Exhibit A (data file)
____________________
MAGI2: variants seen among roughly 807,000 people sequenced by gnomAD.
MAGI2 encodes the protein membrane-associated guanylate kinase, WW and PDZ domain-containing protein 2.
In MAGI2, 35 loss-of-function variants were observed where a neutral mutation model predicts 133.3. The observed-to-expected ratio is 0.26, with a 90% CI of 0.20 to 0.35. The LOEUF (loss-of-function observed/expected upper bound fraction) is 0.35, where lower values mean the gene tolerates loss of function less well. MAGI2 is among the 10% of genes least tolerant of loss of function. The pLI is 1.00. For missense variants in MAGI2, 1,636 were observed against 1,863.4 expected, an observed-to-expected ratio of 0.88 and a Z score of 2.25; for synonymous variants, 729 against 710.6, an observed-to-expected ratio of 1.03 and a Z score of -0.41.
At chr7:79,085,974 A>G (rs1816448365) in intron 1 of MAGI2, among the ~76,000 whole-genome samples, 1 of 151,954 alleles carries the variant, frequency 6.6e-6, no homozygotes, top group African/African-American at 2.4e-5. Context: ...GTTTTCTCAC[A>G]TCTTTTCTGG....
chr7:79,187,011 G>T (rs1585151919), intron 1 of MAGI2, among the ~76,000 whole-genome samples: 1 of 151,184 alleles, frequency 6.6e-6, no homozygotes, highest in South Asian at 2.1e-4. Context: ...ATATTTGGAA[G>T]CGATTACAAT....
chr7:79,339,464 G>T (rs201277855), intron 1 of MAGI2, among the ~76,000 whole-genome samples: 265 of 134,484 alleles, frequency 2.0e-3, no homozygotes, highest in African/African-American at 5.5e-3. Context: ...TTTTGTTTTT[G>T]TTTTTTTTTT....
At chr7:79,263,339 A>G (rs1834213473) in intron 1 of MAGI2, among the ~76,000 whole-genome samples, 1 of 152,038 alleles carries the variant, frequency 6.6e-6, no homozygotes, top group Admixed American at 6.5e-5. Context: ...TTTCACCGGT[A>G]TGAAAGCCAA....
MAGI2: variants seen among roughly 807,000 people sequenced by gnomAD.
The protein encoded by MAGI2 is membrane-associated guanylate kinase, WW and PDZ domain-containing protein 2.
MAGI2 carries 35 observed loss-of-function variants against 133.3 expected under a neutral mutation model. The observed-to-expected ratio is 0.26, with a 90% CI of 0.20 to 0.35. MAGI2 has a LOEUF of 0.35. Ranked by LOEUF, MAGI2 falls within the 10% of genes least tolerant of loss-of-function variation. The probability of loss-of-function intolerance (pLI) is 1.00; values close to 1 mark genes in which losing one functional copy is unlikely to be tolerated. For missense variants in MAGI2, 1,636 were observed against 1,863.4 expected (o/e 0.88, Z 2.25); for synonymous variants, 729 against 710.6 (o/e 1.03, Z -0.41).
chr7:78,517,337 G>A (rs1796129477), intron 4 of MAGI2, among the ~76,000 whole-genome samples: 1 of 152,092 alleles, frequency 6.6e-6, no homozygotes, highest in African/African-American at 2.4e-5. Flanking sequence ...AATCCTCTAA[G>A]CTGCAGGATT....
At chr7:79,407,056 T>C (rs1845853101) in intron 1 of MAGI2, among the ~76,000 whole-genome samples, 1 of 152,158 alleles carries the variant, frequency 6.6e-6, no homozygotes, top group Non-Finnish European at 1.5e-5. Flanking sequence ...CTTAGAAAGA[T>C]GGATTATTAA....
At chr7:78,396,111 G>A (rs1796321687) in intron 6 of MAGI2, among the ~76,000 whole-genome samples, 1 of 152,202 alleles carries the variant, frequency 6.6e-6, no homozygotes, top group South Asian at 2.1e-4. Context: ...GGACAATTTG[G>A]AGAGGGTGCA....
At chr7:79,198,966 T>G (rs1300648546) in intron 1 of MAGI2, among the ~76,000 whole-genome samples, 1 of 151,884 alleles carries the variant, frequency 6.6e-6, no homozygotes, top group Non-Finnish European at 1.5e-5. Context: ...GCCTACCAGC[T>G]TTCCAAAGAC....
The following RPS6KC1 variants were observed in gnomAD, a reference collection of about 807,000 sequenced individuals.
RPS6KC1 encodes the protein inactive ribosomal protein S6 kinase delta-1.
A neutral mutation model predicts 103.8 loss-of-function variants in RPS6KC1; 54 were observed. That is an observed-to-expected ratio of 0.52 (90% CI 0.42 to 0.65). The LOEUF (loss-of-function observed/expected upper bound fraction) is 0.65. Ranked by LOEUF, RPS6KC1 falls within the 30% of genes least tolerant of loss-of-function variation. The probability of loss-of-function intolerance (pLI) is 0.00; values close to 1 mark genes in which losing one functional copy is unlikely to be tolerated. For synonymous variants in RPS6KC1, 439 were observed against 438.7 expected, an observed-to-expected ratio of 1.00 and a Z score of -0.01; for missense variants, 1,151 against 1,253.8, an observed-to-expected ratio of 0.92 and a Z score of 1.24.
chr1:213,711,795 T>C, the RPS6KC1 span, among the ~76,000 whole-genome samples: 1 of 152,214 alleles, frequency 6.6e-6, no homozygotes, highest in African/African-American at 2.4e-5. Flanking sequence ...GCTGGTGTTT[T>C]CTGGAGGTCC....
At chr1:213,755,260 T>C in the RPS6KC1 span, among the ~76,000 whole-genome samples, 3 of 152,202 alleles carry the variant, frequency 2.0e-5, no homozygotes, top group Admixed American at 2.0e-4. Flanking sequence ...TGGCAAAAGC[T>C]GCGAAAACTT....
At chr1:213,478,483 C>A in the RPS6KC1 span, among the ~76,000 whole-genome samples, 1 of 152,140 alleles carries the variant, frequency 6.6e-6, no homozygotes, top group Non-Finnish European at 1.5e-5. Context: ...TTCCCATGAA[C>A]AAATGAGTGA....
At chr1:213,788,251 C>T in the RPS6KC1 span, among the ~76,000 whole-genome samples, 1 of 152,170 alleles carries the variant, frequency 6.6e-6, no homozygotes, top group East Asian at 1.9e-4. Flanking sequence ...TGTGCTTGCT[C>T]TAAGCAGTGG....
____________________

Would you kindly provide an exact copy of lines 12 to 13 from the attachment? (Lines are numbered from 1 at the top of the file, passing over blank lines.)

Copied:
At chr7:79,407,056 T>C (rs1845853101) in intron 1 of MAGI2, among the ~76,000 whole-genome samples, 1 of 152,158 alleles carries the variant, frequency 6.6e-6, no homozygotes, top group Non-Finnish European at 1.5e-5. Flanking sequence ...CTTAGAAAGA[T>C]GGATTATTAA....
At chr7:78,396,111 G>A (rs1796321687) in intron 6 of MAGI2, among the ~76,000 whole-genome samples, 1 of 152,202 alleles carries the variant, frequency 6.6e-6, no homozygotes, top group South Asian at 2.1e-4. Context: ...GGACAATTTG[G>A]AGAGGGTGCA....